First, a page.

Walter Panknin (1898 – 1977) and His Family – Part 17

Life is More Important than a Clean Shirt

On Monday, April 9, Captain Panknin received yet another marching order. German troops were retreating to Weimar, where he was supposed to report for duty. After hearing that the trains were no longer running in the area, he debated whether he should walk there or try to get somehow to Erfurt. He decided to go to the latter, where he received a decent meal and accommodation at the local police station. He complained in his diary that he had not taken a bath for several weeks. Also, the dirty clothes on his body began to bother him. But when he heard that Schmira was under attack by enemy shellfire and was burning, he realized that he had been lucky again and that life was more important than the temporary inconveniences caused by lack of hygiene and cleanliness.

Front Lines April 1945

The following night Opa wrote another letter to Mutti in the relative security of the HQ. At 23 hours, he had just stretched out on his bed when enemy shells exploded in closest proximity to the building, where Opa was trying to find some rest. He quickly rushed down the stairs to the basement that served as a bomb shelter. Many people from the neighbourhood were packing the already overcrowded facilities. Opa had to sleep in the hallway. But it was not a night of good sleep, as stragglers were stumbling over his cot. During these fitful moments of sleeplessness, he was debating in his mind whether he should attempt to walk to Weimar the very next morning. For all train services into and out of Erfurt had been discontinued. An inner voice advised him to stay put and wait with the other police force members until the end of these crazy chaotic conditions. I heard the desperate silent cry of despair while reading the question in his notes, “When will finally somebody come and take us prisoners?”

American Army at Erfurt April 12, 1945 – Photo: erfurt.de


At last American soldiers appeared at the basement door. An army captain was calling him and his bedraggled troop to come out of the basement. Earlier other German soldiers had put on civilian clothes. There was one among them who had some command of the English language. When the Gi’s stormed the building, he cried out with a pleading voice, “Don’t shoot. I am not a German Hitler soldier!” These were the final moments when around eight o’clock in the morning of April 12, 1945, Opa became a POW of the US forces in Thuringia.

14 comments

  1. Amy · August 13

    I hope he was treated well as a POW.

    Liked by 1 person

    • Peter Klopp · August 13

      There have terrible moments in his POW time as you will find out in later posts. But the silver lining was that he was being released relatively early to return to his family.

      Liked by 1 person

      • Amy · August 14

        At least there’s a happy ending. War truly is awful.

        Like

  2. Stella, oh, Stella · August 13

    I hope he did not suffer so much in an American prison camp. I was told that people hoped to be taken prisoner by Americans. The French, English and Russians were really hostile towards the Germans, understandingly so.

    I heard that the Russian prison camps were the worst. That’s where my grandfather ended up in; he was a male nurse and with the military hospital convoy at the eastern front near Leningrad.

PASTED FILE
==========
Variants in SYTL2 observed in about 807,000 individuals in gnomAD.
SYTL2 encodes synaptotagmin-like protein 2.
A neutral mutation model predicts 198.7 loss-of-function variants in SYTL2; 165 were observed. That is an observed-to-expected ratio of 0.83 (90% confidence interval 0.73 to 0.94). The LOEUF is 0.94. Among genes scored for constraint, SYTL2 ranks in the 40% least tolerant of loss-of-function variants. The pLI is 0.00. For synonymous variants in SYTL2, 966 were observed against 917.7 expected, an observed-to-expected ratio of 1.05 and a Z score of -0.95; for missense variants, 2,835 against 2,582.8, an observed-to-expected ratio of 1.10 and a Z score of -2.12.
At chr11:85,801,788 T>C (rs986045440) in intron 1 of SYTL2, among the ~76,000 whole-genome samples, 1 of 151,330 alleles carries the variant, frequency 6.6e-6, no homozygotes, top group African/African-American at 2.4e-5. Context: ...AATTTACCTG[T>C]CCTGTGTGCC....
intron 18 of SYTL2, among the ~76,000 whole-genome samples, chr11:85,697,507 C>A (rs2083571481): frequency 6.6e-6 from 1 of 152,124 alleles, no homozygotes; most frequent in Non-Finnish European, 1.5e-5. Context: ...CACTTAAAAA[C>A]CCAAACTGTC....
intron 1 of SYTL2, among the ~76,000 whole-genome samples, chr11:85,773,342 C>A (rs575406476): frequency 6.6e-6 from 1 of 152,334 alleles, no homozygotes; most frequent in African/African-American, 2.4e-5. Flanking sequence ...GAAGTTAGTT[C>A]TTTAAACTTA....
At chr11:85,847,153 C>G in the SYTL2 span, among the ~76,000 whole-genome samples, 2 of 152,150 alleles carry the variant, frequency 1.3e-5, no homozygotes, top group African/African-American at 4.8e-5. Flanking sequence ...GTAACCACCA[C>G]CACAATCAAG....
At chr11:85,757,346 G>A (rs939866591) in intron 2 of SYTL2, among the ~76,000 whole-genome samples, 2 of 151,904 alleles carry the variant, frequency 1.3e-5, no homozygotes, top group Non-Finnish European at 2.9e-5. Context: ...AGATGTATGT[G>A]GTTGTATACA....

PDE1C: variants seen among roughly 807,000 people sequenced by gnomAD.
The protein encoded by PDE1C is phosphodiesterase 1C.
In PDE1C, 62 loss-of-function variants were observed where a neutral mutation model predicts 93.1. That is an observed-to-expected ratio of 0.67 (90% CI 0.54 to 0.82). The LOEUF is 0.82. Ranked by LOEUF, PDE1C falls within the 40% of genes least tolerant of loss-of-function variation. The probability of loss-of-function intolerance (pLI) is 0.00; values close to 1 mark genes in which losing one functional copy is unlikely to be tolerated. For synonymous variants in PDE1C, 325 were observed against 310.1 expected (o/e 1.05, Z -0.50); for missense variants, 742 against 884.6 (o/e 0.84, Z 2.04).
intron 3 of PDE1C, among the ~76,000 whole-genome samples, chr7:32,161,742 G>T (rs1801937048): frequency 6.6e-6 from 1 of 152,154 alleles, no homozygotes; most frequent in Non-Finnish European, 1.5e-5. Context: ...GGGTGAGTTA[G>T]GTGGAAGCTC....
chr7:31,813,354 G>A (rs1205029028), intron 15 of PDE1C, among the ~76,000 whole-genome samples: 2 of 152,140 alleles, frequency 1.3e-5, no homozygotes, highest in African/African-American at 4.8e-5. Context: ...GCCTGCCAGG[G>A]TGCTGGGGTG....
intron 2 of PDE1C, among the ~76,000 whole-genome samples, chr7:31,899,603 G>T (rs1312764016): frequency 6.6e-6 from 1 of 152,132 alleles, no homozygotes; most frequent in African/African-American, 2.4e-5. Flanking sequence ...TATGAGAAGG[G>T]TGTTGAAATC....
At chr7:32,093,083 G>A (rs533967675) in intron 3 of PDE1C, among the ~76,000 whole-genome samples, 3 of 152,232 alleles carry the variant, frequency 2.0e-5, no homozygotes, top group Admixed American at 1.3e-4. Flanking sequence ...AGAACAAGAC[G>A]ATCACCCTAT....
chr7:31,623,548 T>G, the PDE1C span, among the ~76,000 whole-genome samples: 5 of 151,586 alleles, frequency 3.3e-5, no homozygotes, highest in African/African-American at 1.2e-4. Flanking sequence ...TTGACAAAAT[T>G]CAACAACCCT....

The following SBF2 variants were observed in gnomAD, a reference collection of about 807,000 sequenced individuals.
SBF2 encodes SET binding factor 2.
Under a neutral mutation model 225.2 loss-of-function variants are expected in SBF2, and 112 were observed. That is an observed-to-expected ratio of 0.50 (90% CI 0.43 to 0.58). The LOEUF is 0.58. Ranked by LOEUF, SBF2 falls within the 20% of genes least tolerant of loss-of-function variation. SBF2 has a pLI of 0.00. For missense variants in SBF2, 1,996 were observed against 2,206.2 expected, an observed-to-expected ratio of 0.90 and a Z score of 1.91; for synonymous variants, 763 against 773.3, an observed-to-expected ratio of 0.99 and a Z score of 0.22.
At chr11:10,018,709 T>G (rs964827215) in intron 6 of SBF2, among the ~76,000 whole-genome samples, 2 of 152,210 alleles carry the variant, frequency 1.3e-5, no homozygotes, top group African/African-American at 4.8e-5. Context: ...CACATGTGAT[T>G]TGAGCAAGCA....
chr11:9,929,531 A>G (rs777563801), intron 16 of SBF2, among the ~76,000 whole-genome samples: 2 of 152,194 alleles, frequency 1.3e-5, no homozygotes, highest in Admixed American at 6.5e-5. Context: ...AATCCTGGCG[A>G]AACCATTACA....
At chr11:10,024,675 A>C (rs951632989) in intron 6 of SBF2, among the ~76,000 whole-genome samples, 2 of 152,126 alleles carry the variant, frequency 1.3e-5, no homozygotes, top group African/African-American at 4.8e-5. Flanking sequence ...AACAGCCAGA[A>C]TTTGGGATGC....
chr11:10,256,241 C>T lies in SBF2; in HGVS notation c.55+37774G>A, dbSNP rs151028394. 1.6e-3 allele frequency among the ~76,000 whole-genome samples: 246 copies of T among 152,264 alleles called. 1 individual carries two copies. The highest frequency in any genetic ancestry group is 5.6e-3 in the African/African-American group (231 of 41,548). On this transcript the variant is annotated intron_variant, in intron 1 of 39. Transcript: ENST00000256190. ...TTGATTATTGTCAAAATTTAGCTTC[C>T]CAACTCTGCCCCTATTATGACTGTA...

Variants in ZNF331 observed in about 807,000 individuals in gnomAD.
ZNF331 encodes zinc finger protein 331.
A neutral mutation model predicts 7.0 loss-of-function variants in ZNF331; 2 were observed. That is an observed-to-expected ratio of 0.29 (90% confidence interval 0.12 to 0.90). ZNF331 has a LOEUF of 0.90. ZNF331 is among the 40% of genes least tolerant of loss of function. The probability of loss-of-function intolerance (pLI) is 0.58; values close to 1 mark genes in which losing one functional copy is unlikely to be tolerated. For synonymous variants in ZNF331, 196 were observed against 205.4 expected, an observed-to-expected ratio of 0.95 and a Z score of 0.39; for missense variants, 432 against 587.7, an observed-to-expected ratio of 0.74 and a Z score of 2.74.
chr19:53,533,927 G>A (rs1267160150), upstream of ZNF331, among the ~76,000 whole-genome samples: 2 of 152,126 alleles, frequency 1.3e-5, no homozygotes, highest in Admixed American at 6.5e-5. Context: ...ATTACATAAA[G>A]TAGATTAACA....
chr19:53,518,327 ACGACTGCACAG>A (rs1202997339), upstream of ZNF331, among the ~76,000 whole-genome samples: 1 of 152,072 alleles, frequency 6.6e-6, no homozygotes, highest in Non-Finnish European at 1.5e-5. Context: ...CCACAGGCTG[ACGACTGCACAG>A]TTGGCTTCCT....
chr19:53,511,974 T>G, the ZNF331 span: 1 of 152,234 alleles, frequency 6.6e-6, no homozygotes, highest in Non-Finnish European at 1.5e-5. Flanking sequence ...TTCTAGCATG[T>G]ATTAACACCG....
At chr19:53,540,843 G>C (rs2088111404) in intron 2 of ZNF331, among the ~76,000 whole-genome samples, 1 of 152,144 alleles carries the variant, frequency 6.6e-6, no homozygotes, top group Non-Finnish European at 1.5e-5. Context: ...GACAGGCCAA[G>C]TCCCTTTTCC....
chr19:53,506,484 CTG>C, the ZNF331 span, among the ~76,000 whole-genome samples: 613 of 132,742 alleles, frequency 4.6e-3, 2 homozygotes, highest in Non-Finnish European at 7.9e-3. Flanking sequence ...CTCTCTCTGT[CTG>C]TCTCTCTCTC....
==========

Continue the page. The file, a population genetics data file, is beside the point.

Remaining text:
Liked by 1 person

    • Peter Klopp · August 13

      Nach erster guter Behandlung landete er mit Millionen anderen POWs in den berüchtigten Rheinwiesen Lagern. Mehr davon in einigen Posts, die noch kommen.

      Like

  3. Walter Panknin (1898 – 1977) and His Family – Part 17. We have a Walter in our maternal family.

    On Friday, August 13, 2021, The Peter and Gertrud Klopp Family Project wrote:

    > Peter Klopp posted: ” Life is More Important than a Clean Shirt On Monday, > April 9, Captain Panknin received yet another marching order. German troops > were retreating to Weimar, where he was supposed to report for duty. After > hearing that the trains were no longer running ” >

    Like

  4. Ankur Mithal · August 13

    Each time I read an edition of this story, I think about the triviality of some of the worries which we have in our safe, secure lives today. In the big scheme, most of them are meaningless.

    Like

  5. Labby · August 14

    Hallo Peter, das ist wirklich wieder ein sehr interessanter Bericht. Ich weiß von meinen Großeltern, dass die auch damals die Amerikaner sehnlichst erwartet hatten. Da hieß es “bloß nicht den Russen in die Hände fallen” egal ob die Briten, Amerikaner oder Franzosen kommen. Schön das alles gut ausgegangen ist. Liebe Grüße Wolfgang

    Liked by 1 person

    • Peter Klopp · August 16

      Wie du sehen wirst, war auch die amerikanische Gefangenschaft kein Erholungsurlaub.

      Like

  6. Ann Coleman · August 14

    Your stories have a way of making the horrors and uncertainties of war so very real, even after all these years. I can’t begin to imagine how hard this must have been for those who actually lived through it!

    Liked by 1 person

    • Peter Klopp · August 16

      Similar turmail and terror can be found all over the world today. Our world leaders have not learned the lessons of the past. Too sad!

      Liked by 1 person

  7. Anonymous · August 16

    Dankeschön sehr lehrreich macht mir freude es zu lesen

    Like

  8. Steve Schwartzman · August 16

    This is timely, now that the Afghan army has surrendered to the Taliban.

    Like

    • Peter Klopp · August 16

      So true! What will be the fate of those who are going to be left behind???

      Like

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